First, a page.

Again, though, I make a point of engaging my students in a conversation as to why frequent movement breaks are so important for their learning. I want them to develop a good exercise habit outside of my classroom. This discussion pairs well with the concept of time management, particularly as it relates to completing a project, writing an essay, or studying for a test. For my writing students, I usually ask them about their writing process—How did you write this essay? Did you take breaks? Did you write it in one sitting?—and then once again use their answers to suggest ways that will be healthier for their brains. A popular technique for my students is the 45-15 strategy (an adapted version of the Pomodoro Technique), where they work/study/write for 45* minutes and then take a break for 15 minutes. What they do on their break is up to them, but I always recommend that they stand up and move around during that interval.
*This strategy can be adjusted to any time frame, such as 25-5, as appropriate for the task and the students.
Talking about cognitive load
As a teacher, I try to design my lessons so that students’ working memory does not get overloaded. [See the March issue for more on this concept.] I also want students to understand their own cognitive capacities and the role that working memory plays in their learning, so I use a short activity to demonstrate these concepts to them:
This activity requires at least seven small objects, like rubber balls, in different colors and patterns. Divide students into small groups. Have each group of students stand in a circle, with one person in the middle who is from a different team. This middle student is given a colored ball to hold. The ball represents a vocabulary item the students are currently studying. The student must remember the meaning of each ball they are holding, and cannot drop any of them. Other students in the circle give more balls (and vocabulary items) to the middle student until there are no more balls left or the student cannot hold any more (either physically or mentally). At that point, the student is tasked with reciting the vocabulary the balls represent—still without dropping them. For each correct word, the student gets a point for their team. If the student forgets a word or drops the balls, the team gets zero points.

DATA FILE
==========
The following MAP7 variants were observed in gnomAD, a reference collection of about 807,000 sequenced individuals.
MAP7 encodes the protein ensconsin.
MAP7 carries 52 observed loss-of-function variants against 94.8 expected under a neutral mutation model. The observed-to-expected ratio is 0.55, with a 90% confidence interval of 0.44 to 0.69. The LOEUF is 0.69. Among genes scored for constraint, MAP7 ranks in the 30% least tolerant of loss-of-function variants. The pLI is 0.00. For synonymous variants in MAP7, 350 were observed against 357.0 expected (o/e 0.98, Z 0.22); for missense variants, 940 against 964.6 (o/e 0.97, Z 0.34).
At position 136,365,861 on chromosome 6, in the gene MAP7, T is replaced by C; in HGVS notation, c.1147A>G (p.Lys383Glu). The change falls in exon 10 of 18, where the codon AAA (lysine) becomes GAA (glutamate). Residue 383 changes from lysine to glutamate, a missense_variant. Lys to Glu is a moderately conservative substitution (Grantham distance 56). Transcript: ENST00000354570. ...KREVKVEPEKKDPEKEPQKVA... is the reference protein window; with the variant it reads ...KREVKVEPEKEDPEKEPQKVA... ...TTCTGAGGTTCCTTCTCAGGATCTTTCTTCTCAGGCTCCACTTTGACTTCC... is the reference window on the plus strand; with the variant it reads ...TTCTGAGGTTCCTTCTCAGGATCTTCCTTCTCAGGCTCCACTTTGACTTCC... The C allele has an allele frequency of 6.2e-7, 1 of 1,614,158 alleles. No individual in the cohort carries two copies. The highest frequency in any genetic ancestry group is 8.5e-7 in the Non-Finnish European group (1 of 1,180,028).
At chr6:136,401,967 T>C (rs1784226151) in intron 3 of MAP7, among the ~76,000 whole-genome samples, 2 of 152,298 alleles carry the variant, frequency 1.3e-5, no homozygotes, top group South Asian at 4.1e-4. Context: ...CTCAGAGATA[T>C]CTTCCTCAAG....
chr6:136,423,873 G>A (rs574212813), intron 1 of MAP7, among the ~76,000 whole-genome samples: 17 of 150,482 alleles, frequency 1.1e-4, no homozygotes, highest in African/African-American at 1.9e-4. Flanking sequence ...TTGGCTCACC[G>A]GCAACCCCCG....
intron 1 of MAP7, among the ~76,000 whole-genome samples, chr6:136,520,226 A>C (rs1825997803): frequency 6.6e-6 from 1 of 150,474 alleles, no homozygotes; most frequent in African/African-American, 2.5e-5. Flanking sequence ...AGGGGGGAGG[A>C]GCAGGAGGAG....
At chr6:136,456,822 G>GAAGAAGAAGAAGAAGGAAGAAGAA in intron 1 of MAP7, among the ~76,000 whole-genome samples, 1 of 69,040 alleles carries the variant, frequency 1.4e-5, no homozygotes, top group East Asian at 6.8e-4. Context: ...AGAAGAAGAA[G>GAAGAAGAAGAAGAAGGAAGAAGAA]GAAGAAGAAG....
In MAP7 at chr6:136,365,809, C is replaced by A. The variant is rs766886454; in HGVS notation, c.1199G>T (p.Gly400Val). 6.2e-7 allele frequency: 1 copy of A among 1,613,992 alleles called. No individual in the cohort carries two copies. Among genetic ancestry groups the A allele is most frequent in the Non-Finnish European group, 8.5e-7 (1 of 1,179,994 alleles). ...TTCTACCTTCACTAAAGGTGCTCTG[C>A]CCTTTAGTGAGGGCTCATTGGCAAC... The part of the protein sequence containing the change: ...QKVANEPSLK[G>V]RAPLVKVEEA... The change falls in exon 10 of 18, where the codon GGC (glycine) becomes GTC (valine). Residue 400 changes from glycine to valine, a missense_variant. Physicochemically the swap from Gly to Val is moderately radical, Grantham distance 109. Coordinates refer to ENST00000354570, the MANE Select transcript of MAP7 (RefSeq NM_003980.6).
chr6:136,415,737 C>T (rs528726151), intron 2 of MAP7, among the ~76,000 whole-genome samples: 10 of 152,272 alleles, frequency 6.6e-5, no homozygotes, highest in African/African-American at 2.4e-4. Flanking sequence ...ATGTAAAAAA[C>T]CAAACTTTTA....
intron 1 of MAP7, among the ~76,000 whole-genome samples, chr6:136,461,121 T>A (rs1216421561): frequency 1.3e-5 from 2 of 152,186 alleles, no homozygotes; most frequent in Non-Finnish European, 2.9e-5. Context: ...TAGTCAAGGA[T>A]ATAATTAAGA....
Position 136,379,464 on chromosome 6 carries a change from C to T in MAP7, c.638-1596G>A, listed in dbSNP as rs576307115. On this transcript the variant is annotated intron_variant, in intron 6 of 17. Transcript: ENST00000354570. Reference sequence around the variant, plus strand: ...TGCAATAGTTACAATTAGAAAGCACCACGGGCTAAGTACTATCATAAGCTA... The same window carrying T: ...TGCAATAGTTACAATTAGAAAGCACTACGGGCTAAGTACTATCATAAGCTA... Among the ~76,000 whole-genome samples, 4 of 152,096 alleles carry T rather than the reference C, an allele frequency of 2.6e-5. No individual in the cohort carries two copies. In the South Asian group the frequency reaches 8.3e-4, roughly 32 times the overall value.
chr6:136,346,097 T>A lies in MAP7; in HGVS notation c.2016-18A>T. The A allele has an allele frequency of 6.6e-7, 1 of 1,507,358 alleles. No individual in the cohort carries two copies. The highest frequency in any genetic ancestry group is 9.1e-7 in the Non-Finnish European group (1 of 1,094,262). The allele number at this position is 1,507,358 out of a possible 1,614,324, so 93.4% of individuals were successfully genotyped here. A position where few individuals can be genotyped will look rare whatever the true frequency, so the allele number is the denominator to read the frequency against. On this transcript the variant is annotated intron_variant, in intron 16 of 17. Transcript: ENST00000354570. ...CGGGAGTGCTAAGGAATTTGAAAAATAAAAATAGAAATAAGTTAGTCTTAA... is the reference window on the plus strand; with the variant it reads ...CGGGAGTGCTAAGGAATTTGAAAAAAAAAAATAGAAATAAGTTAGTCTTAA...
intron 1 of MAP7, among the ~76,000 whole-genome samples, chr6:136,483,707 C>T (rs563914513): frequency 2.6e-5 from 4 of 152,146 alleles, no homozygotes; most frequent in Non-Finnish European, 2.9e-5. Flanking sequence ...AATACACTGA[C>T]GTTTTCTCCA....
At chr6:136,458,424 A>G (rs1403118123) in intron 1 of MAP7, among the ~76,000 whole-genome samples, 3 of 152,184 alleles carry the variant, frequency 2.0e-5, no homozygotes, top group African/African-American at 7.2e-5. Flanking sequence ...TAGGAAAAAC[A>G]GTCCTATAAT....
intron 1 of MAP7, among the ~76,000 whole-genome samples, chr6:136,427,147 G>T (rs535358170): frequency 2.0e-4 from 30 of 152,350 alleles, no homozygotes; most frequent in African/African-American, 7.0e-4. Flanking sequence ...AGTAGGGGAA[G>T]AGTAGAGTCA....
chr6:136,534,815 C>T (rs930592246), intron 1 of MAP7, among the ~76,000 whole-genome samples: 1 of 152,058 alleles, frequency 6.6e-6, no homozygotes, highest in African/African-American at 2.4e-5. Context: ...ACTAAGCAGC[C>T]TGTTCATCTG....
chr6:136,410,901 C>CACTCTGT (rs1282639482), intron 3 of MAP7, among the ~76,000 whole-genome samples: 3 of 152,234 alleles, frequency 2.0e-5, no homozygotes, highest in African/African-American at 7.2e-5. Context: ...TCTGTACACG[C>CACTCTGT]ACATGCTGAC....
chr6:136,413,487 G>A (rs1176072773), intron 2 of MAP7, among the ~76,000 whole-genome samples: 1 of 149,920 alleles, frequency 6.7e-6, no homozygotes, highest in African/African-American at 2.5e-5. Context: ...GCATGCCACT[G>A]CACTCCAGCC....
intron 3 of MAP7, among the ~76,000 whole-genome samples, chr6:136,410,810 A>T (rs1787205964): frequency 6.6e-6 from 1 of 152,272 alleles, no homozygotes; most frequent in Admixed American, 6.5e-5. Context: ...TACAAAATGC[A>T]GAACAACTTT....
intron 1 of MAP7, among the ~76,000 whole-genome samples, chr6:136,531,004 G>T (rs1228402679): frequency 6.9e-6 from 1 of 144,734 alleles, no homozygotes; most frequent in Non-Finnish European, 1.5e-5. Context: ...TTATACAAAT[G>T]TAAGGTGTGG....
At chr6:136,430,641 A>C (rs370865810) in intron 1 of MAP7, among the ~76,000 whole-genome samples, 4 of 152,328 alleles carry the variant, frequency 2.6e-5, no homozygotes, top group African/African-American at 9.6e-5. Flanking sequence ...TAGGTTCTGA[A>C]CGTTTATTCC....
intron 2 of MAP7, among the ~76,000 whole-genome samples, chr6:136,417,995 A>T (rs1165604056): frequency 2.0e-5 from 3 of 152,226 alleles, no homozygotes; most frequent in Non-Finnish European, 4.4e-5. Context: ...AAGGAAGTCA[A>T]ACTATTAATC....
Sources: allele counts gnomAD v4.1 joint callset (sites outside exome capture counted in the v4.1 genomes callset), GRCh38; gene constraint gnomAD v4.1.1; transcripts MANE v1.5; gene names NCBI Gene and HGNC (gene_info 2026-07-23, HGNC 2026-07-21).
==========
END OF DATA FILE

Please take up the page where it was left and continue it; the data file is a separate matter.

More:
This activity is great because it gets students moving, reviews key vocabulary, and demonstrates cognitive load to them. At the beginning, it is easy for students to hold onto a few balls and to remember a handful of words. The challenge quickly escalates as the numbers build, and eventually they reach their limit. As students become familiar with the game, they start figuring out how many balls they can comfortably hold and still remember all the attached words. When the students start getting too good at the game, I add extra distractions, like having the circle of students dance or playing some background music. This can get loud and hectic, but it is a good way for them to let off some steam.
After playing the game, I use it as a conversation starter for the concept of cognitive load. The balls represent ideas or tasks that the students are trying to juggle in their working memory and dropping the balls symbolizes cognitive overload. With the students, we talk about how maybe multitasking is not the best idea for effective studying. Together, we strategize ways to minimize the distractions that students might encounter while doing their homework: putting their phones away, finding a quiet space, writing a to-do list, etc.
Just changing the design of my lesson plans may help students learn more effectively in my own classes, but I want them to be successful beyond my classroom. In having these conversations and doing these activities, I can help my students understand their growing brains. And the best part of all: I get to share my passion about the brain with them and still accomplish the course objectives!
Julia Daley is a lecturer at Hiroshima Bunkyo University, where she teaches English conversation and writing. She earned her MA in TESL at Northern Arizona University and is certified to teach secondary English in Arizona. She appreciates everyone’s patience as she’s been learning how to develop a website.